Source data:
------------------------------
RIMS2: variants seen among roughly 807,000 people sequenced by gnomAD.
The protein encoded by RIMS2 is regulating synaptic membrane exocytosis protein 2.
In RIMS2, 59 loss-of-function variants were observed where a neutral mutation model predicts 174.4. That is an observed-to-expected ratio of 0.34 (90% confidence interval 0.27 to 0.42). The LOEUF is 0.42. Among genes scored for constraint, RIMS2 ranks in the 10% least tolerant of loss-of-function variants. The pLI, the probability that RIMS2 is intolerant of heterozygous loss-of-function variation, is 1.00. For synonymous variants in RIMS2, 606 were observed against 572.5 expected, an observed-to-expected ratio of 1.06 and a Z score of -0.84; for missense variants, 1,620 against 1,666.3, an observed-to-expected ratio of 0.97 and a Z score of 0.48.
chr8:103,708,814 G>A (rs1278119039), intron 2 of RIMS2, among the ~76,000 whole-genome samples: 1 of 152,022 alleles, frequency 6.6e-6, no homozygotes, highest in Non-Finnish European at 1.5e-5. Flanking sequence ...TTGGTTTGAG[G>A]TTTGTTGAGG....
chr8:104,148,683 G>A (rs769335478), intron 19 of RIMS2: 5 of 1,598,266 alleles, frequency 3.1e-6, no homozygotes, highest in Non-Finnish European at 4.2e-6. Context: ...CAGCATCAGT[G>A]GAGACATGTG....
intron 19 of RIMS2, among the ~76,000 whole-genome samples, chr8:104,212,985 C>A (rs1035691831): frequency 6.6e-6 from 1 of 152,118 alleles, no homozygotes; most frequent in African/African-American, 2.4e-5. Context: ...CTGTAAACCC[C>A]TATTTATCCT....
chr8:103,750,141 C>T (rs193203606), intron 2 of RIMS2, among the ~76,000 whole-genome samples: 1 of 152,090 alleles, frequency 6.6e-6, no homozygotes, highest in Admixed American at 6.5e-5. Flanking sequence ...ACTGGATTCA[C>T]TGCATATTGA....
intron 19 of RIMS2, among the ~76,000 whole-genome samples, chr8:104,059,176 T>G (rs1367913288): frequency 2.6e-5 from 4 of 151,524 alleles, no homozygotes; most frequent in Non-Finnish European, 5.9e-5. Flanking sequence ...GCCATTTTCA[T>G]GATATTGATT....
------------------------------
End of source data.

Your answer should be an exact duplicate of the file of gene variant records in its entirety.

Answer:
RIMS2: variants seen among roughly 807,000 people sequenced by gnomAD.
The protein encoded by RIMS2 is regulating synaptic membrane exocytosis protein 2.
In RIMS2, 59 loss-of-function variants were observed where a neutral mutation model predicts 174.4. That is an observed-to-expected ratio of 0.34 (90% confidence interval 0.27 to 0.42). The LOEUF is 0.42. Among genes scored for constraint, RIMS2 ranks in the 10% least tolerant of loss-of-function variants. The pLI, the probability that RIMS2 is intolerant of heterozygous loss-of-function variation, is 1.00. For synonymous variants in RIMS2, 606 were observed against 572.5 expected, an observed-to-expected ratio of 1.06 and a Z score of -0.84; for missense variants, 1,620 against 1,666.3, an observed-to-expected ratio of 0.97 and a Z score of 0.48.
chr8:103,708,814 G>A (rs1278119039), intron 2 of RIMS2, among the ~76,000 whole-genome samples: 1 of 152,022 alleles, frequency 6.6e-6, no homozygotes, highest in Non-Finnish European at 1.5e-5. Flanking sequence ...TTGGTTTGAG[G>A]TTTGTTGAGG....
chr8:104,148,683 G>A (rs769335478), intron 19 of RIMS2: 5 of 1,598,266 alleles, frequency 3.1e-6, no homozygotes, highest in Non-Finnish European at 4.2e-6. Context: ...CAGCATCAGT[G>A]GAGACATGTG....
intron 19 of RIMS2, among the ~76,000 whole-genome samples, chr8:104,212,985 C>A (rs1035691831): frequency 6.6e-6 from 1 of 152,118 alleles, no homozygotes; most frequent in African/African-American, 2.4e-5. Context: ...CTGTAAACCC[C>A]TATTTATCCT....
chr8:103,750,141 C>T (rs193203606), intron 2 of RIMS2, among the ~76,000 whole-genome samples: 1 of 152,090 alleles, frequency 6.6e-6, no homozygotes, highest in Admixed American at 6.5e-5. Flanking sequence ...ACTGGATTCA[C>T]TGCATATTGA....
intron 19 of RIMS2, among the ~76,000 whole-genome samples, chr8:104,059,176 T>G (rs1367913288): frequency 2.6e-5 from 4 of 151,524 alleles, no homozygotes; most frequent in Non-Finnish European, 5.9e-5. Flanking sequence ...GCCATTTTCA[T>G]GATATTGATT....